Sunday, April 18, 2010

Interpretations of the Email Monster

This is not about all the spam mail I get or the advertisements that somehow end up in my inbox (I frequently find myself scratching my head over those). No, this is about those emails I write to friends, family, etc. etc.

Ever wonder why someone never answered your email or took it the wrong way? Do any of the emails you get ever sound rude, even downright nasty? And this from your best friend? It usually happens when we least expect it. Especially to or from those you love.

Hey, I’m guilty. I’ve sent my share of emails fully intending to give my loving opinion (I say loving, because, well, my opinions to my family and friends come from my heart) only to end up hurting and upsetting the recipient. In today’s busy world juggling between job, home, and family, rushing that email off might be a mistake and it might just cost you.

It can be hard to show your emotions in an email, unless, of course, you’re a wonderful writer capable of flowery prose. Let’s face it; most of us aren’t adept with the ornate style of Shakespeare or your current #1 New York Best Selling Author.

Don’t get me wrong, I love receiving emails, not including spam, and not everyone who sends me emails has this problem. Mainly, I speak for myself. I know from experience the email monster lives inside me. I've hurt someone’s feelings or had my message taken the wrong way. I have to take strong measures to keep him at bay. It could happen during a simple a letter declining an invitation or writing what you thought was a helpful suggestion to a friend. And then there’s that all too powerful first impression when sending an email to someone you don’t know. It could be something as important as a request for employment, or a complaint to your child’s teacher.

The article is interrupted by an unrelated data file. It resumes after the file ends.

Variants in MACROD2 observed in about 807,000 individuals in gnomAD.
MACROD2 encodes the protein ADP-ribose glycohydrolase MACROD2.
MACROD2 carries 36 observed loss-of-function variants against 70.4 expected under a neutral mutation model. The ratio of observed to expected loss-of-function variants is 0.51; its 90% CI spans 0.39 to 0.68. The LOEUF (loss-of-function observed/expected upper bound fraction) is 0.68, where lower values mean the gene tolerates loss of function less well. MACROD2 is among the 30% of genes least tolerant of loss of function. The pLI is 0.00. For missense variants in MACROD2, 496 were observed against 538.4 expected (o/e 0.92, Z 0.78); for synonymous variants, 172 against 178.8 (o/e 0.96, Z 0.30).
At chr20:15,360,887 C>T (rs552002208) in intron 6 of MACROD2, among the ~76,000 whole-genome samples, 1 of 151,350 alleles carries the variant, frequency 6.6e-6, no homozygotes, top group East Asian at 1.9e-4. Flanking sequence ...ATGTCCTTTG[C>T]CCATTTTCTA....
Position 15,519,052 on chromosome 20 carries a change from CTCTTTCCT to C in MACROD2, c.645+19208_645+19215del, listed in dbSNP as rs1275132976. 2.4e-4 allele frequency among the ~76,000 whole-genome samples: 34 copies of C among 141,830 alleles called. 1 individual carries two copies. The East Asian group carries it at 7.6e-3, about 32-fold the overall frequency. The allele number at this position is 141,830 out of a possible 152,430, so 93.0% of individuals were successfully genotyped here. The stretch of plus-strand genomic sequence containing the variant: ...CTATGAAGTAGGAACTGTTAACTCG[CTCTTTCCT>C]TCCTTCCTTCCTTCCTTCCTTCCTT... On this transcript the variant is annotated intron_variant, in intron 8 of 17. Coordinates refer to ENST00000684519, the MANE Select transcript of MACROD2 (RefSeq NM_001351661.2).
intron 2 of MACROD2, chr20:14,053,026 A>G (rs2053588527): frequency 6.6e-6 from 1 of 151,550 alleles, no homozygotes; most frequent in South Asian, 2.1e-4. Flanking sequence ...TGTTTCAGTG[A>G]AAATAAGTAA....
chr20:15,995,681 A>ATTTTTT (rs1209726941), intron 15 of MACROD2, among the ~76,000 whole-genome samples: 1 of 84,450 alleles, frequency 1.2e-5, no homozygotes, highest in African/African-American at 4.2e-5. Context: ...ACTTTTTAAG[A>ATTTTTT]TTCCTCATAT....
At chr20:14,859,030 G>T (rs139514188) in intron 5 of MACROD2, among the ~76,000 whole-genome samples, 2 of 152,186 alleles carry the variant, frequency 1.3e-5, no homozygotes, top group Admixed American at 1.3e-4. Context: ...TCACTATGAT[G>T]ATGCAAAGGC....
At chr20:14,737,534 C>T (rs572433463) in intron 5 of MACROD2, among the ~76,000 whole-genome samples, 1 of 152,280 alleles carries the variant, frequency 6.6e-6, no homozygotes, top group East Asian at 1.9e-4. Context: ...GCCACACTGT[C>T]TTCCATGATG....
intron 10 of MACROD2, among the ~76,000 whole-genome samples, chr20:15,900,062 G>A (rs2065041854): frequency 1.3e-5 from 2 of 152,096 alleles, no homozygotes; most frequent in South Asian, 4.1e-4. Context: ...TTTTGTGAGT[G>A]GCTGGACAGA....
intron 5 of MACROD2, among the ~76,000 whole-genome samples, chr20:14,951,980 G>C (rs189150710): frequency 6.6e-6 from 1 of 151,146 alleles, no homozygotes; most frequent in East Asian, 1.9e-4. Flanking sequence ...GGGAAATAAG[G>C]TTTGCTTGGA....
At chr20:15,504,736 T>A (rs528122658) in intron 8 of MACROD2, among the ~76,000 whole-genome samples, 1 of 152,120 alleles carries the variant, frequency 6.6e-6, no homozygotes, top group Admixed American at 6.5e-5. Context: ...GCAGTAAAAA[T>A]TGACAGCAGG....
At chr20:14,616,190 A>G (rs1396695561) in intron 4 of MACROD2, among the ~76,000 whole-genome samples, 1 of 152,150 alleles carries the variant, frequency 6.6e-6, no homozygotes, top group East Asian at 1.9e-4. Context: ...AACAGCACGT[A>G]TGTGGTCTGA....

Don’t rush. I know, I know, you’re busy. We all are. But there are three things I try to remember to do before I push that send button.

First, I read what I wrote. I do this not only for content but also for grammar and spelling. And sometimes, more often than I’d like, I miss something. It’s so embarrassing to discover a typo after I’ve pushed the send button (this could happen here on my blog).They happen, but not as many. Thank God, for spell check. As for grammar, I try my best.

Then I read it again with a smile. I think, just like talking on the phone, if you write or speak with a smile, your words, like the sound of your voice, will beam. This is true. Try it. Call someone and smile while you’re talking. Or, better yet, record your voice, once without smiling and once with, then play it back. Which sounds better?

And last, some people hate these, but I don’t mind seeing them, the proverbial LOL, (my daughter is great at these) or :) help tremendously. Or you could get creative and throw in a *snort* or a *chuckle and giggle* here and there.

Happy writing. :)

Thanks for reading and feel free to leave a comment.

Thursday, April 15, 2010

Double Duty

Since this this is my first entry, I’m going to make it about the first two items on my list of topics; family and love, more to the point, my two sons. In the future, I could and I might make a few entries regarding them, as they are both in the military but I will not limit myself to that topic, but that could change as I become more familiar with it.

What’s it like to have a son in the military? I am asked this question a lot and I can’t answer it, mostly because it really hasn’t been long enough to sink in yet, but also because I have two sons in the military. And to top it off they’re in two different branches, one in the Air Force, the other in the Army.
What I can answer is, I’m very proud of them, a little scared, and I frequently find myself staring at their pictures.

People say, “Don’t you miss them?” Well, yeah, of course. But right now, it feels the same as when they were away at college. I get to talk to them frequently now that they’re out of basic training.

I can’t begin to tell you the feeling of pride I get when someone walks up to them and says thank you for serving. I get all warm and fuzzy inside.
I never thought I’d be a military mom. I didn’t raise my sons to be pro anything, other than kind and honorable human beings. They didn’t take ROTC in high school, they never showed any signs of having a political interest, or an interest in saving lives.

One could argue the point that some of today’s young men join the military because of the economy and the lack of jobs. While this may be the case, I believe they’ve made an honorable decision.